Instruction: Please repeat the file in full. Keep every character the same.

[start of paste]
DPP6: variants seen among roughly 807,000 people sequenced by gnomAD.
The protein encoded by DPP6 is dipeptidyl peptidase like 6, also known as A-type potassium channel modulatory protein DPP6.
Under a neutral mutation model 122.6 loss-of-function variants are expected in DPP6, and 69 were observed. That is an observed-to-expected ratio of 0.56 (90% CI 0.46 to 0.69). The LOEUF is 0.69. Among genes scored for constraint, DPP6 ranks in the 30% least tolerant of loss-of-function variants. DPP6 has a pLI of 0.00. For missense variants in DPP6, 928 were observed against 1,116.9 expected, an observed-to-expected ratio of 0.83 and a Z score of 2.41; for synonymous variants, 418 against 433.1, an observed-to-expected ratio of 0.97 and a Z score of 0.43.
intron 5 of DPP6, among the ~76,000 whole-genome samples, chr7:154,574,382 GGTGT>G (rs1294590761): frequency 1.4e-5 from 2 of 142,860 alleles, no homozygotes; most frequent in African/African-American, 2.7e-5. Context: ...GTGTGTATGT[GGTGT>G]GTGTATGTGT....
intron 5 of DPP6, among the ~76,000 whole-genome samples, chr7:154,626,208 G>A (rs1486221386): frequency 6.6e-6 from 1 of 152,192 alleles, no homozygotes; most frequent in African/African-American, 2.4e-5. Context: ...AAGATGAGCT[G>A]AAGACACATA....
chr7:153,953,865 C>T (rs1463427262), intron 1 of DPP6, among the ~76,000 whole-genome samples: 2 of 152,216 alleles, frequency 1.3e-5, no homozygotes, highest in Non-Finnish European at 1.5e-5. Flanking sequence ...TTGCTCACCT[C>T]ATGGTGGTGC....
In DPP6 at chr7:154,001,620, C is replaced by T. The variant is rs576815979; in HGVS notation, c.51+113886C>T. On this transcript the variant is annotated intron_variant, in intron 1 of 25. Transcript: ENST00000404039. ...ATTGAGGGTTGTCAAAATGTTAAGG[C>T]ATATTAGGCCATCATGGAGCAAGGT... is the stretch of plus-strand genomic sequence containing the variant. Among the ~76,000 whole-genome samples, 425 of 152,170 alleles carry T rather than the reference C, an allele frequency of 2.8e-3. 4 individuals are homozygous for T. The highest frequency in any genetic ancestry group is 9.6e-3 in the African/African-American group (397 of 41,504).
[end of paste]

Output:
DPP6: variants seen among roughly 807,000 people sequenced by gnomAD.
The protein encoded by DPP6 is dipeptidyl peptidase like 6, also known as A-type potassium channel modulatory protein DPP6.
Under a neutral mutation model 122.6 loss-of-function variants are expected in DPP6, and 69 were observed. That is an observed-to-expected ratio of 0.56 (90% CI 0.46 to 0.69). The LOEUF is 0.69. Among genes scored for constraint, DPP6 ranks in the 30% least tolerant of loss-of-function variants. DPP6 has a pLI of 0.00. For missense variants in DPP6, 928 were observed against 1,116.9 expected, an observed-to-expected ratio of 0.83 and a Z score of 2.41; for synonymous variants, 418 against 433.1, an observed-to-expected ratio of 0.97 and a Z score of 0.43.
intron 5 of DPP6, among the ~76,000 whole-genome samples, chr7:154,574,382 GGTGT>G (rs1294590761): frequency 1.4e-5 from 2 of 142,860 alleles, no homozygotes; most frequent in African/African-American, 2.7e-5. Context: ...GTGTGTATGT[GGTGT>G]GTGTATGTGT....
intron 5 of DPP6, among the ~76,000 whole-genome samples, chr7:154,626,208 G>A (rs1486221386): frequency 6.6e-6 from 1 of 152,192 alleles, no homozygotes; most frequent in African/African-American, 2.4e-5. Context: ...AAGATGAGCT[G>A]AAGACACATA....
chr7:153,953,865 C>T (rs1463427262), intron 1 of DPP6, among the ~76,000 whole-genome samples: 2 of 152,216 alleles, frequency 1.3e-5, no homozygotes, highest in Non-Finnish European at 1.5e-5. Flanking sequence ...TTGCTCACCT[C>T]ATGGTGGTGC....
In DPP6 at chr7:154,001,620, C is replaced by T. The variant is rs576815979; in HGVS notation, c.51+113886C>T. On this transcript the variant is annotated intron_variant, in intron 1 of 25. Transcript: ENST00000404039. ...ATTGAGGGTTGTCAAAATGTTAAGG[C>T]ATATTAGGCCATCATGGAGCAAGGT... is the stretch of plus-strand genomic sequence containing the variant. Among the ~76,000 whole-genome samples, 425 of 152,170 alleles carry T rather than the reference C, an allele frequency of 2.8e-3. 4 individuals are homozygous for T. The highest frequency in any genetic ancestry group is 9.6e-3 in the African/African-American group (397 of 41,504).